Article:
For someone with a natural ability to write straightforward rock songs, Dave Segedy is lacking in confidence. Or, more accurately, he’s lacking in certainty. If you were to waltz into Segedy’s Bloomington home this morning to inform him that he his, in fact, not the lead singer of a band called Sleeping Bag, nor is the band releasing their sophomore LP on Joyful Noise Recordings, the news would likely be met with less an indignant denial and more a calm, “I knew it.”
As a songwriter, Segedy is keenly aware that the facts from which we assimilate our notion of reality are generally up for debate, if not altogether false. The Women of Your Life serve as the lone source of truth or reality in Segedy’s world. The intense white in the corner of their eyes. The heartache of being “rolled over” by the now immortal Allison Cole. If we say farewell to the opposite sex as Segedy commands in the album’s title track, we’re essentially abandoning the only tangible objects available and life becomes a suspicious house of mirrors.
Musically, Sleeping Bag picks up where they left off on last year’s self-titled debut. The band continues to pay homage to the founding fathers of slacker rock. Evan Pearson’s assessment of the band’s sound as “Pavement on Xanax” remains as accurate a description as any. However, Sleeping Bag proves less sedated on Women of Your Life. It’s more dynamic than the debut and offers up a broader breadth of emotion.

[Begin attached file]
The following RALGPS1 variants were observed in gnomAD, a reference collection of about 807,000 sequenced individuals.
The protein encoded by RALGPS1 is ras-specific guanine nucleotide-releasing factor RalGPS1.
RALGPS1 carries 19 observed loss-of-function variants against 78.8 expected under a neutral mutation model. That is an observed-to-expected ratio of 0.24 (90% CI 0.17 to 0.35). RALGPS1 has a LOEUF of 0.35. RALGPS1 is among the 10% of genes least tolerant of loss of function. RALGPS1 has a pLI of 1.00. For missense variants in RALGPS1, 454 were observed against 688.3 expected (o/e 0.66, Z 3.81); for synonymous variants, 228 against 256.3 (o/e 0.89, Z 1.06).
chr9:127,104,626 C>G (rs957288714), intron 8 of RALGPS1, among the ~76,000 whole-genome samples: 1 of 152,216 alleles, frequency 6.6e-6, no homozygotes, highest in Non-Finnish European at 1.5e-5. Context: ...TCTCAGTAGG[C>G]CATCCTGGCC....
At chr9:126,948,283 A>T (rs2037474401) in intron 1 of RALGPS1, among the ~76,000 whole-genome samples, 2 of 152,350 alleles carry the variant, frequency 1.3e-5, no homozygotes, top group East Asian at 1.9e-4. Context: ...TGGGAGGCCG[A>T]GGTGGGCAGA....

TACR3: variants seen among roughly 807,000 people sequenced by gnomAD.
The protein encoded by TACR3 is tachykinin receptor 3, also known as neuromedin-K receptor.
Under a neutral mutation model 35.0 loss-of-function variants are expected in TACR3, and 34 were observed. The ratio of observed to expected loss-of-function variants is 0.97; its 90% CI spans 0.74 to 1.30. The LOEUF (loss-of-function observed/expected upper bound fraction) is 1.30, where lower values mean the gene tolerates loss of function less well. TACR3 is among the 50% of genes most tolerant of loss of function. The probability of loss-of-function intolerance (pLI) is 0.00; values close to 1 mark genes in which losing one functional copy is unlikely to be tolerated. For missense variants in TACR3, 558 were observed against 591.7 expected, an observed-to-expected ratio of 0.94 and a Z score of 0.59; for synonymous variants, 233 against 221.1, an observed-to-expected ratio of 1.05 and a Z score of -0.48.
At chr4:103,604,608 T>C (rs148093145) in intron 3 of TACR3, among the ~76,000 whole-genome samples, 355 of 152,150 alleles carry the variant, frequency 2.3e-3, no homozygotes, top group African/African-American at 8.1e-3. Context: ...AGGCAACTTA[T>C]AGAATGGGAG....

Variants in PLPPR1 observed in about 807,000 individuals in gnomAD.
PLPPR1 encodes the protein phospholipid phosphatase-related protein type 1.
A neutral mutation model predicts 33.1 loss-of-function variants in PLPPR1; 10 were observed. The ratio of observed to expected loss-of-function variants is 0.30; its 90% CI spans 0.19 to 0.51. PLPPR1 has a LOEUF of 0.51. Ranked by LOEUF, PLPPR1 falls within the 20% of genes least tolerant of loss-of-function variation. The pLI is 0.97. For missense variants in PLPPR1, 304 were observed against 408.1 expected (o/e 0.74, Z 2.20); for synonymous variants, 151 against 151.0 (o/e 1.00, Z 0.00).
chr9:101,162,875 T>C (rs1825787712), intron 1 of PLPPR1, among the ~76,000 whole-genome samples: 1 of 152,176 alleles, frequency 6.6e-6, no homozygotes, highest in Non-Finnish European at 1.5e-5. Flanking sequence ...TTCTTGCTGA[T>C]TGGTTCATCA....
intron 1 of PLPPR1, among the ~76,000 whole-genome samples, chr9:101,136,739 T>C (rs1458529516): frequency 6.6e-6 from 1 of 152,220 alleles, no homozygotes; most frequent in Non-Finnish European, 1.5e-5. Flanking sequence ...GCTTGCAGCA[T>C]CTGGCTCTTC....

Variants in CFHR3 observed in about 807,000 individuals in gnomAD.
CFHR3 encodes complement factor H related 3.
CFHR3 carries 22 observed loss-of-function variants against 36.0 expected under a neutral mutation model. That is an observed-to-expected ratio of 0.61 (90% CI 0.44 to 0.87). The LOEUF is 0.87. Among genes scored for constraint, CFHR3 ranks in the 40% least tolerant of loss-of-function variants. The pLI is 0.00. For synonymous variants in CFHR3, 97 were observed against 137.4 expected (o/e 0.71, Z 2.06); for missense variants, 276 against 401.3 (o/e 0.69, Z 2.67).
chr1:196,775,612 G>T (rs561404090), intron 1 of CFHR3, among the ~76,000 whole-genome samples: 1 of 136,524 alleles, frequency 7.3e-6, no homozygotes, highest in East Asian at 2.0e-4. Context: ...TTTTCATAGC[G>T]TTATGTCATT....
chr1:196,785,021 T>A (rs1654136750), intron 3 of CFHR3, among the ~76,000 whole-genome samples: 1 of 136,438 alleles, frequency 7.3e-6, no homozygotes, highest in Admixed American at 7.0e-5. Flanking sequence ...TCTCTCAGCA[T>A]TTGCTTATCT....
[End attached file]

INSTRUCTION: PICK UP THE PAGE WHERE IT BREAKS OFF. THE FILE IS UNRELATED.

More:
Sleeping Bag offers up restrained power pop sensibilities on “Nightmare.” On follow-up “Saturday Night” listeners are reminded that this band began as a drum project when the guitar and bass provide less of a melody than a danceable confluence of polyrhythms. Sleeping Bag has proven they can churn out more than their signature: the beautiful bummer, although this album certainly has its fair share (see: “Still Life”).
Fortunately for listeners, Sleeping Bag is a real band. Women of Your Life is a real record. At least, I think so. I’ll know for sure when my pre-order arrives. Order your copy today from Joyful Noise. Listen to “Saturday Night” below.
Written by Rob Peoni